This image depicts three hot blobs of matter orbiting a black hole. If placed in our Solar System, this black hole would appear like a dark abyss spread out nearly as wide as Mercury's orbit. And the three blobs (each as large as the Sun) would be as far out as Jupiter. They orbit the black hole in a lightning-quick 20,000 miles per second, over a tenth of the speed of light.
Credit: NASA/Dana Berry, SkyWorks Digital
This story was updated at 6:38 p.m. EST.
The mysterious zones of destruction surrounding the gargantuan black holes suspected to lurk at the heart of most galaxies are now giving up some of their secrets, thanks to a novel way of investigating these violent enigmas.
These new findings revealed these giant black holes may be smaller than scientists previously thought, which could help solve questions regarding how they grew.
The centers of nearly all galaxies are suspected to harbor supermassive black holes that are millions to billions the mass of our own sun. These monsters are surrounded by extremely bright zones assumed to hold super-hot matter rushing around — and into — the black holes.
However, the central regions of these galaxies are typically relatively small, too much so to see clearly. Their small size has left their structure and behavior largely a mystery in spite of decades of intense study.
Black hole hearts of galaxies
To learn more about these zones, astrophysicists Wolfram Kollatschny and Matthias Zetzl at the University of Gottingen in Germany looked more closely at the light emerging from them.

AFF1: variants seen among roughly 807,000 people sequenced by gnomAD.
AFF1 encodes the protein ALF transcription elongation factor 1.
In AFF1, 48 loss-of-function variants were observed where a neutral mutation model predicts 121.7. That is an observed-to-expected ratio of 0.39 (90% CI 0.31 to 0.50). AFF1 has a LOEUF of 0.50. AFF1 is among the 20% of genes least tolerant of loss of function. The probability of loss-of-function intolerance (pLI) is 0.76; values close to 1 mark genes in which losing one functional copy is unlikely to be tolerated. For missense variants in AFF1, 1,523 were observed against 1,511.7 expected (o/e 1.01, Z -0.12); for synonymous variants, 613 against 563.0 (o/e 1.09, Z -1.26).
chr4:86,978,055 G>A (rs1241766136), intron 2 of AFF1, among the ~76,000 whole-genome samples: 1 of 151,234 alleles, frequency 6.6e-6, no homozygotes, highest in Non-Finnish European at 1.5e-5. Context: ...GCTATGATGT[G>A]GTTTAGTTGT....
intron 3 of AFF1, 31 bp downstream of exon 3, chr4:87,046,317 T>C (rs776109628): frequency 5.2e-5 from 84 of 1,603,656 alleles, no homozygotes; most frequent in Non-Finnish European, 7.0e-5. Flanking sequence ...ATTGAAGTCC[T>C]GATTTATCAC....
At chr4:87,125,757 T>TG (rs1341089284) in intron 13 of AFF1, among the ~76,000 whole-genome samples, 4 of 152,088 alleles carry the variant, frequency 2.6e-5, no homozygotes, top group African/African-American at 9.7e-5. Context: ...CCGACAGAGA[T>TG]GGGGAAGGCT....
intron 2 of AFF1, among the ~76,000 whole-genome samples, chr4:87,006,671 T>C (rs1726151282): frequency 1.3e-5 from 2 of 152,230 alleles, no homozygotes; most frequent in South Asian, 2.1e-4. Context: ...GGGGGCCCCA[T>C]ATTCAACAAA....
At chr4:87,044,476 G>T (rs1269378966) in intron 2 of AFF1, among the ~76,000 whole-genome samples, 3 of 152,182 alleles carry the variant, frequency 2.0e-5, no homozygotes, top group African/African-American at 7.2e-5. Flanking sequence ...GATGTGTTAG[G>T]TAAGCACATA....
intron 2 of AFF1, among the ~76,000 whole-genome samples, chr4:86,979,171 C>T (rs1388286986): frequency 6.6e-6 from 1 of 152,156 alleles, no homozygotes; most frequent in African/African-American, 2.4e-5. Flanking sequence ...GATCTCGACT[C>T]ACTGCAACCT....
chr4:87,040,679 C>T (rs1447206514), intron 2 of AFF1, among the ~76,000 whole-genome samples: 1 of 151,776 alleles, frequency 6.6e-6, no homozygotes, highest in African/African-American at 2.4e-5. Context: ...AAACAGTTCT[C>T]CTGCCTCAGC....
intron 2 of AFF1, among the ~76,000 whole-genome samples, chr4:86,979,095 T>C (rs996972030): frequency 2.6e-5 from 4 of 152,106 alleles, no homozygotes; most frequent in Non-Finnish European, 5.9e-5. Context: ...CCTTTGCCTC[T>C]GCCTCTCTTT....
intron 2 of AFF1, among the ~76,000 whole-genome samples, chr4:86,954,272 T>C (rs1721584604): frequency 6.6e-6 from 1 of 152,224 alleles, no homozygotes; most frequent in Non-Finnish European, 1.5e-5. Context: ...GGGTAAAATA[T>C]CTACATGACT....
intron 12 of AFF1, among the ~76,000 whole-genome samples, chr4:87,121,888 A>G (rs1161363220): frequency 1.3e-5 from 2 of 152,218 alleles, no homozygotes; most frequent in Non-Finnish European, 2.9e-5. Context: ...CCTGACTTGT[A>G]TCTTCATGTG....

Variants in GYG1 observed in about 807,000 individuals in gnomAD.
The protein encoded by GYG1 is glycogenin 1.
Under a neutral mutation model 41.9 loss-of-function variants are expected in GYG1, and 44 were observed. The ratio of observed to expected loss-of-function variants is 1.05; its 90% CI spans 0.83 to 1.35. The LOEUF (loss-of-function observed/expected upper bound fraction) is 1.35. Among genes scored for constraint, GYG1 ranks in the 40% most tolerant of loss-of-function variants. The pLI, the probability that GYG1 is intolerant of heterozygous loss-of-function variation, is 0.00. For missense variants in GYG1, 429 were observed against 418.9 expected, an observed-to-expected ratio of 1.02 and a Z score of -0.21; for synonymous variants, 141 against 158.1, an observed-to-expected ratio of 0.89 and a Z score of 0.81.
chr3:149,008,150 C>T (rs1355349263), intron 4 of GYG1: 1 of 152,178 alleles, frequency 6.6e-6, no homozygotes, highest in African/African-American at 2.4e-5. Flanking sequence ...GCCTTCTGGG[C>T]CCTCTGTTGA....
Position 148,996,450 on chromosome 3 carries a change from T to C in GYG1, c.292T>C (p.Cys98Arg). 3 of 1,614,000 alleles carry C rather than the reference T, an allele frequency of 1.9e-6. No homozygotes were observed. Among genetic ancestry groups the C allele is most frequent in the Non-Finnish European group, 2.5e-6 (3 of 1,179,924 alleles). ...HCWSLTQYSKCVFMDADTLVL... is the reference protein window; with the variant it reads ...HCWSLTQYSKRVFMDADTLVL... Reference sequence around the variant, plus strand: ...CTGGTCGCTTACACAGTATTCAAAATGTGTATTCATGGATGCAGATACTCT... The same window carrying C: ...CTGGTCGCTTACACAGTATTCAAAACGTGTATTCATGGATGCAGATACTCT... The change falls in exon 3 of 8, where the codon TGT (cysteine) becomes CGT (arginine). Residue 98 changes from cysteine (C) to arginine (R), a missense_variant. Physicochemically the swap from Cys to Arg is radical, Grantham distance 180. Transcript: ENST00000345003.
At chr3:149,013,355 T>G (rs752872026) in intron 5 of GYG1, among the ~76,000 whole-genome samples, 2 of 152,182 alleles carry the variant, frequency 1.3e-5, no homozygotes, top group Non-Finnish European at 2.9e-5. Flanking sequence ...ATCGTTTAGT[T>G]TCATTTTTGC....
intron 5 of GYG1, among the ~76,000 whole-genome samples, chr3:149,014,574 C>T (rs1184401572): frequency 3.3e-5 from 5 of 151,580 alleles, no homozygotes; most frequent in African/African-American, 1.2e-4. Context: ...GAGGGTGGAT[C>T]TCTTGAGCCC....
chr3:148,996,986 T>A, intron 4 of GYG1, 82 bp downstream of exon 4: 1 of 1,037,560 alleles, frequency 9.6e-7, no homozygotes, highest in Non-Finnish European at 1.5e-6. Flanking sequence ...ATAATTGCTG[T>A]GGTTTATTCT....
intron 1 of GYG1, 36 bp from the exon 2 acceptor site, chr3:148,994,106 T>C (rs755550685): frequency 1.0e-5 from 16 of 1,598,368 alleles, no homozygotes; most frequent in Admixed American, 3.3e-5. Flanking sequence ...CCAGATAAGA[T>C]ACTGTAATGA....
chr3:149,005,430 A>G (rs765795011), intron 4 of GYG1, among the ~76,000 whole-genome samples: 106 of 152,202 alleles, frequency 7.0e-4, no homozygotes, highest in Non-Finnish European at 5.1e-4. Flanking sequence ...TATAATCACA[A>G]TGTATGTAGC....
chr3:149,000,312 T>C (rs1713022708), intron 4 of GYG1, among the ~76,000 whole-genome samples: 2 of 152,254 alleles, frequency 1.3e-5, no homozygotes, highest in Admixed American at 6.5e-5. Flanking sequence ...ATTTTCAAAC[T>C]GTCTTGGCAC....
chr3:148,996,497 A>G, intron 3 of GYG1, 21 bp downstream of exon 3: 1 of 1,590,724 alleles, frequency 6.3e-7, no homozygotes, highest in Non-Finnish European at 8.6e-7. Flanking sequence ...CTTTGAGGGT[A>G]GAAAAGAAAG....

Light comes in a wide variety of wavelengths — some visible and many invisible. The wavelengths of light that matter emits often come in specific clumps or lines, which can reveal much about the composition or activity of the material in question.
The researchers analyzed the light from 37 galaxies and discovered a consistent variation in how broad several emission lines were. This enabled the researchers to infer the speed at which the gas in these central regions orbits the black holes, as well as turbulence within this gas.
The diameter of a black hole depends on its mass. When it comes to a super-massive black hole such as the one at the center of the Milky Way galaxy, which has a mass of about 4 million suns, scientists estimate its diameter at about 93 million miles (150 million km), or roughly the distance between the sun and the Earth.
Weighing black holes
From the speed at which this matter orbits and its distance from the black hole, the researchers deduced the masses of these giant black holes using Kepler's centuries-old laws of motion.
Intriguingly, they found the masses of these black holes seem to be two to 10 times smaller than previous estimates. The question of how galaxies might have grown such giant black holes has long been a vexing one for scientists.
"The evolution of these central regions is important for our general understanding of galactic evolution," Kollatschny told SPACE.com.
The scientists detailed their findings in the Feb. 17 issue of the journal Nature.